The British Olympian will race the 5000m Saturday at the Prefontaine Classic, the only U.S. stop in the elite Diamond League series (NBC, NBC Sports Gold from 4-6 p.m. ET).

Farah has said that 2017 will be his last year on the track, with an eye on the world championships in London this August. The 34-year-old plans to transition after that to marathons.

Farah defended his 5000m and 10,000m titles at the Rio Olympics last August, becoming the first British track and field athlete to win four Olympic gold medals. He was knighted by Queen Elizabeth last December.

But at a news conference for the Prefontaine, Farah faced questions about allegations that paint his team, Nike’s Oregon Project, in a bad light.

Details have emerged from a 2016 report prepared by the U.S. Anti-Doping Agency on practices by the team, led by decorated U.S. marathoner Alberto Salazar. Allegations have also surfaced recently based on information obtained by the hacking group known as Fancy Bears.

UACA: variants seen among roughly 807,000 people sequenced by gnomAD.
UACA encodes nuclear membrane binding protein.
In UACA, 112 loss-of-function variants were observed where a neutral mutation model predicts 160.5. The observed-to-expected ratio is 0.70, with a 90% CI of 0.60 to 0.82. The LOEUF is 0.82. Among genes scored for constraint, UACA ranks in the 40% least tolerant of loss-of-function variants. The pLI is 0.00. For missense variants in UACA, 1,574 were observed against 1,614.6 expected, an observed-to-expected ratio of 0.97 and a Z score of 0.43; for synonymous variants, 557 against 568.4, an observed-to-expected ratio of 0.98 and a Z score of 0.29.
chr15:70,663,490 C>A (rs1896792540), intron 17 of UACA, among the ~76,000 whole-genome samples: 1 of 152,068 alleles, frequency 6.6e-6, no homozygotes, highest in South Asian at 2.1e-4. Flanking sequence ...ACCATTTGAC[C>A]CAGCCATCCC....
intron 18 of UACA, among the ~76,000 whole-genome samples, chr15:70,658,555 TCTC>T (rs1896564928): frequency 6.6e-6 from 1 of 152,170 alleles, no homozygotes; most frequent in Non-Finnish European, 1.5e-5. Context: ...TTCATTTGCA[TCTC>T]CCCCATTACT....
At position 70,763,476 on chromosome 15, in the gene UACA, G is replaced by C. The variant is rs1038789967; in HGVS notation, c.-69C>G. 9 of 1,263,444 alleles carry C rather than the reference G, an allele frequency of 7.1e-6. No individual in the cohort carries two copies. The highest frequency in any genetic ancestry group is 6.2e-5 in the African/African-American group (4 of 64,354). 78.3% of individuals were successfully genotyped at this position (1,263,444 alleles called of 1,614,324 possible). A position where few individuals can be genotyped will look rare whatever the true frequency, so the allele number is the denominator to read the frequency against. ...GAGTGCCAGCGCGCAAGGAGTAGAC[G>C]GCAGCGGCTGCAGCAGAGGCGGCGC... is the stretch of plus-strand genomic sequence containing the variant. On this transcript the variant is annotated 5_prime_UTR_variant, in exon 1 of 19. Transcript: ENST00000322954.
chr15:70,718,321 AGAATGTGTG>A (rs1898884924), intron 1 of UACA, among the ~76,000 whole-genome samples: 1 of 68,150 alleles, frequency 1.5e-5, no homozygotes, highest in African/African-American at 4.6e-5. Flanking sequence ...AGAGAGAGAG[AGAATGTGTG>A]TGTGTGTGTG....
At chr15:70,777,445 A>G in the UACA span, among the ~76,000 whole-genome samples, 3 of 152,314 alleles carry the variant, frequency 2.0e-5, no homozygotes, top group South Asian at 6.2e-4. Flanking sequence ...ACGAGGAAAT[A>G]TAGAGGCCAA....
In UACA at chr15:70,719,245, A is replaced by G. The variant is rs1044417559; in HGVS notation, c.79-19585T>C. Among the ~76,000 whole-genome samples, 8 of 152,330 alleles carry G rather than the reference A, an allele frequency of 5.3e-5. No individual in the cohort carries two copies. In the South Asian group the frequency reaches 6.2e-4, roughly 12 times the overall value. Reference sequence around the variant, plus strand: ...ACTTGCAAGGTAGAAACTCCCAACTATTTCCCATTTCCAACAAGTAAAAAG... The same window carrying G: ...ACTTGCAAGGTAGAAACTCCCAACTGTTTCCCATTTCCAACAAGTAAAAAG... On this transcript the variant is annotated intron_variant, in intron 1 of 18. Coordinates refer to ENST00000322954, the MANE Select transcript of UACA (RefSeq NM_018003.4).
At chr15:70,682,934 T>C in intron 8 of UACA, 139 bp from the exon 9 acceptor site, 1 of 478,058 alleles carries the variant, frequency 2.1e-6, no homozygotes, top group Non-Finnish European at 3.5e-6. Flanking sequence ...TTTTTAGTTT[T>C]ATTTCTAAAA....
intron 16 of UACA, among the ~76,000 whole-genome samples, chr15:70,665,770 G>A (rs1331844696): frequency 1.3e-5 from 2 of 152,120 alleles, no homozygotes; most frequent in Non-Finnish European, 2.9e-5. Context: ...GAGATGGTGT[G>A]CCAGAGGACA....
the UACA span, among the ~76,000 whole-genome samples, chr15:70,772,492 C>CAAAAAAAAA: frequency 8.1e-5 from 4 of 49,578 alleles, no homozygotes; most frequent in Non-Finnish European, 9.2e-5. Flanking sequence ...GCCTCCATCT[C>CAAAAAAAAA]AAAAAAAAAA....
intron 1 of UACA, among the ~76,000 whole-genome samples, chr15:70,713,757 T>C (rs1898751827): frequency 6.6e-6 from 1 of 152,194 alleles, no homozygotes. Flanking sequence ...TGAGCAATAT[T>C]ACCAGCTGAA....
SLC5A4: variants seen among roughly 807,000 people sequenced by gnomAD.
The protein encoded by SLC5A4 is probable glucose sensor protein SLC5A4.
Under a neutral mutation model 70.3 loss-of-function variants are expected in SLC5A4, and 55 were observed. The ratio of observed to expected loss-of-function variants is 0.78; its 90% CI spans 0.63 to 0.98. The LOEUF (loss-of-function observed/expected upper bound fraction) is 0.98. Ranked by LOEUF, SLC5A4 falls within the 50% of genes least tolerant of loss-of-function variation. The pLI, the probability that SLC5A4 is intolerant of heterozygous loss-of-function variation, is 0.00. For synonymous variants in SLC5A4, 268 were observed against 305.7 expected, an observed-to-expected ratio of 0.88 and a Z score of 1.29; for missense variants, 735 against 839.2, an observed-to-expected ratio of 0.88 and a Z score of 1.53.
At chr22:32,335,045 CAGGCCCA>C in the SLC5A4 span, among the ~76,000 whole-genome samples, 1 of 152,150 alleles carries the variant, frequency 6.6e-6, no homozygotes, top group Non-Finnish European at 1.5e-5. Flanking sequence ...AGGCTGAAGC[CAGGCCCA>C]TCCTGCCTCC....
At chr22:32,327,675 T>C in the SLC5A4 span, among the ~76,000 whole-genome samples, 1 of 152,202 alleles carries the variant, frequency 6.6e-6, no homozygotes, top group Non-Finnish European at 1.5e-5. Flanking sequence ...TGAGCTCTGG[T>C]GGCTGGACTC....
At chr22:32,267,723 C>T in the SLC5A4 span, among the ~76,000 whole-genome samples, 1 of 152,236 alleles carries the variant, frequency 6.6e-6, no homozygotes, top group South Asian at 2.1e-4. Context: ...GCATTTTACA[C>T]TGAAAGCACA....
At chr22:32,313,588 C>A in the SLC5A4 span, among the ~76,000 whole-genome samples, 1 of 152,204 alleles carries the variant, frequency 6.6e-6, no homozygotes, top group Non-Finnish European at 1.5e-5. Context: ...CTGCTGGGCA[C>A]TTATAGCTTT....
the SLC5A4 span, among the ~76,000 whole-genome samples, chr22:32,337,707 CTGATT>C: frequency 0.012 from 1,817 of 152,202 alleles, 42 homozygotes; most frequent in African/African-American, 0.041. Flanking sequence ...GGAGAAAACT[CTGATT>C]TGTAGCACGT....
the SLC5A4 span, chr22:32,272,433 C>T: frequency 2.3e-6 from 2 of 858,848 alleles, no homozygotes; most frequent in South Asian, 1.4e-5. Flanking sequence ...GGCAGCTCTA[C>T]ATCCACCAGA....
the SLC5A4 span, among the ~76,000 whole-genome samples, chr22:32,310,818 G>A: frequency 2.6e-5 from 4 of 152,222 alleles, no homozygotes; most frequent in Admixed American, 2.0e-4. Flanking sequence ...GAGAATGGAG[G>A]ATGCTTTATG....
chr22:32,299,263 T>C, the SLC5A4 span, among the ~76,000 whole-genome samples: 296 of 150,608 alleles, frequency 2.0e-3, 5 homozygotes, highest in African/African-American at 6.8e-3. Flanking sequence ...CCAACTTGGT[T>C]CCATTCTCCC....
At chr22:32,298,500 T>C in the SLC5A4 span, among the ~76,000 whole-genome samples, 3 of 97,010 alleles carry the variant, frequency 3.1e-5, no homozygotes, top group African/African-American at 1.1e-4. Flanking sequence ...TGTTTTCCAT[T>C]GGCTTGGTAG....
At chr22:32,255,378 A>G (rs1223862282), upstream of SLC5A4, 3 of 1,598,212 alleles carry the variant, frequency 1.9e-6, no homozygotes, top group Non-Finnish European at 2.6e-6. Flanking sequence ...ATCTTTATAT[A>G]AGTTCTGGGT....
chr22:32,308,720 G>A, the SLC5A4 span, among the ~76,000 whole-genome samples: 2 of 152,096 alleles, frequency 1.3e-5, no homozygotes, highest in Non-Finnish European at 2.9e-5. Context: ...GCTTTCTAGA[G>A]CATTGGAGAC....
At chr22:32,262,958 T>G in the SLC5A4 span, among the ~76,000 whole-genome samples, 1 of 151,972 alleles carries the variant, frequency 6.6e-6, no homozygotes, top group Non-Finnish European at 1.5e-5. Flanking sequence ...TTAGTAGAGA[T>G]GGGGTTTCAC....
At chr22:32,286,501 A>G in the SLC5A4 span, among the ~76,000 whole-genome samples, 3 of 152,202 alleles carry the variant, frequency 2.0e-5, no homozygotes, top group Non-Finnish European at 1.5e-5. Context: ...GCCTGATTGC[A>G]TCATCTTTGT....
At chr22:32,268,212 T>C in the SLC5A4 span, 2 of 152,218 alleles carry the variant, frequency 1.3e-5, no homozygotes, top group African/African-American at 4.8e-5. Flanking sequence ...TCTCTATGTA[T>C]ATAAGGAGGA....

“I just get sick of it, really, to be honest with you,” Farah said. “As an athlete you just want to do the best as you can, and that’s what I want to do. But it’s nothing new. It’s something the press likes to be able to twist it and add a little bit of spices and add stuff on it. Being an Olympic champion, four-time Olympic champion, you do get a lot of that stuff. But at the same time you just have to do the best that you can. I believe in clean sports.”

He said he has not read the USADA report that has shown up online.

“It’s nothing new. You tell me something new. Since 2011 it’s the same stuff,” Farah said, clearly exasperated. “It’s all right. That’s what you get being an Olympic champion, and what we do.”

Farah has been training for the past five months in Flagstaff, Ariz., for the outdoor season and his final bow at the worlds. He hopes to run both of his signature races, the 5000m and 10,000m, if his body lets him, he said.

Saturday’s Prefontaine will be bittersweet.